Over-prescription by medical professionals is a common cause of prescription drug addiction. For example, fentanyl and oxycodone help patients manage pain. However, their widespread over-prescription has resulted in unprecedented addiction.
Dangerous Drug Interactions
Some prescription drugs can have dangerous interactions in the body, leading to injuries or health problems. A doctor may prescribe a combination of drugs that are dangerous when taken together. Sometimes, a doctor may fail to review a patient’s information and prescribe a new drug that can have harmful interactions with the medication the patient is already taking.
Dangerous drug interactions that lead to injuries often stem from the medical profession’s over prescribing culture. While prescribing multiple drugs at once may be necessary in some cases, there are cases where physicians prescribe unnecessary or too many drugs. That increases the risk of dangerous drug interactions and side effects.
Poor communication among healthcare providers also contributes to dangerous drug interactions. The lack of coordination of medical care between a patient’s various doctors leads to one doctor prescribing medication without considering the other drugs that other medical professionals have already prescribed.
When medical professionals make a mistake when prescribing drugs and patients are injured or die, the victims or their family members can hold those parties liable.
What Are Some of the Most Dangerous Drugs Doctors Still Prescribe in Chicago?
Prescription drugs that are well known for their potential to harm users in Chicago and nationwide include the following:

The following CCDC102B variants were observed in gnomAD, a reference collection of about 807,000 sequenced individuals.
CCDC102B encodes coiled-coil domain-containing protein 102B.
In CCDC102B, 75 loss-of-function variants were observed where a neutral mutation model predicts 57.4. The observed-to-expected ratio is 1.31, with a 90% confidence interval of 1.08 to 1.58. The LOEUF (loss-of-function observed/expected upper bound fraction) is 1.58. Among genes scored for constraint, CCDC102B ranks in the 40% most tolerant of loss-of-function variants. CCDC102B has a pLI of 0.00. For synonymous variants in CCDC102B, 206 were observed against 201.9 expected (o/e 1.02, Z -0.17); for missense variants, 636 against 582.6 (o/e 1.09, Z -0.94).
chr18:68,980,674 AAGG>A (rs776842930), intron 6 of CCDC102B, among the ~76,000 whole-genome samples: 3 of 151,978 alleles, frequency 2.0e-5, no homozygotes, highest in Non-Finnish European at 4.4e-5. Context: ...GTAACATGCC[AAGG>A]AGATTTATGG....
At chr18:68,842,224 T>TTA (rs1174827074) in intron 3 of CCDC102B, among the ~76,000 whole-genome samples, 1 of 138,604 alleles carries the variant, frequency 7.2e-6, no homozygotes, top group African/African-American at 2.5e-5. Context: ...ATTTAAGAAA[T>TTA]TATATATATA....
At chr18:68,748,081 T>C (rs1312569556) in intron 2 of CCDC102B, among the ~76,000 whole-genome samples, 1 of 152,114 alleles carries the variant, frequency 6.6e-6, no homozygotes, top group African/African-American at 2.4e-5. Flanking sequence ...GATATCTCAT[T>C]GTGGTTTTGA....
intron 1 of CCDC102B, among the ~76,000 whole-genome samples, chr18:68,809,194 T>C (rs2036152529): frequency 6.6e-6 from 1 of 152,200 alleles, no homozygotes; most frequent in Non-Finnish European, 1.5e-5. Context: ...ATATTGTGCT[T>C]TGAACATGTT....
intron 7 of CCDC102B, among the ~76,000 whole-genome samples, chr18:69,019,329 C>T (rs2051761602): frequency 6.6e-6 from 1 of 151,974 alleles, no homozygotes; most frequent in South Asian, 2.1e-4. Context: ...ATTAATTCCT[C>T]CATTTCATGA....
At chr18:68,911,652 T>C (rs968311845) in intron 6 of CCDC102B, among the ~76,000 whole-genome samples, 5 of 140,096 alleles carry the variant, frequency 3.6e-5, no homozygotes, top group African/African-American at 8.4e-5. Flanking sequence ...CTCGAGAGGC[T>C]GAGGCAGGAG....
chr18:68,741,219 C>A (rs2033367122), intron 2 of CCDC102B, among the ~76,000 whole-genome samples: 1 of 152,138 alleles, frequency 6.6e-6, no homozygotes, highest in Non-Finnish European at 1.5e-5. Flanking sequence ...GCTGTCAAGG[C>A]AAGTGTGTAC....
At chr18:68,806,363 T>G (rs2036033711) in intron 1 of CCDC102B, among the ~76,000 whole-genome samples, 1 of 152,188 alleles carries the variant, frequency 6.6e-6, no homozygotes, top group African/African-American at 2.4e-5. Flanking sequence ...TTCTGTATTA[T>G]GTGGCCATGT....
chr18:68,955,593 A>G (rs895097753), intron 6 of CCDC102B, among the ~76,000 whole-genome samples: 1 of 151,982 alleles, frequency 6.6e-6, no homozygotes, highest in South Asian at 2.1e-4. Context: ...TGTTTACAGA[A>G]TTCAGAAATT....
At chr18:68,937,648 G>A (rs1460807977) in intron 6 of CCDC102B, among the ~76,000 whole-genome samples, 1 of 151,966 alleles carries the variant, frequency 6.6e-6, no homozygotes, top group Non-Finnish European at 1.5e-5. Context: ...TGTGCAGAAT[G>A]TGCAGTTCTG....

Prescription opioids are usually used for moderate to severe pain. The chemicals they contain can relax the body and relieve pain. Doctors may prescribe them after you’ve suffered an injury or have had dental work or surgery. Sometimes, they’re used to treat coughing and diarrhea. Prescription opioids include:
People who use opioids legitimately as directed by their doctor can still develop opioid use disorder, which is the addiction to opioids. Besides relieving pain, prescription opioids can bring about feelings of calmness and intense happiness (euphoria). As a result, they can be highly addictive. Studies have shown that factors like severe pain, poor health, being younger, a history of alcoholism or substance abuse, and being a former or current smoker can increase the risk of dependence on opioids.
Opioid use disorder increases the risk of overdose. Using opioids with other medications can increase the chances of accidental overdose and cause deadly side effects. Opioids are a common factor in many deaths involving controlled prescription drugs. Opioids are also prescribed for pregnant women. However, they can cause serious problems like premature birth and Neonatal Abstinence Syndrome (NAS) in babies.
In recent years, physicians and dentists have been heavily prescribing opioids even for relatively minor issues where safer analgesic medicines could work. This practice has exposed millions to the unnecessary risk of opioid use disorder, overdose, and death.
Benzodiazepines, commonly referred to as benzos, are one of the most over-prescribed and dangerous medications. They include medications like Xanax, Valium, Klonopin, and Ativan. These prescription drugs are central nervous system depressants, allowing users to experience calming or sleep-like effects. As a result, they’re usually prescribed to counter anxiety, insomnia, and seizures. In recent times, they’re increasingly being prescribed for back and chronic pain.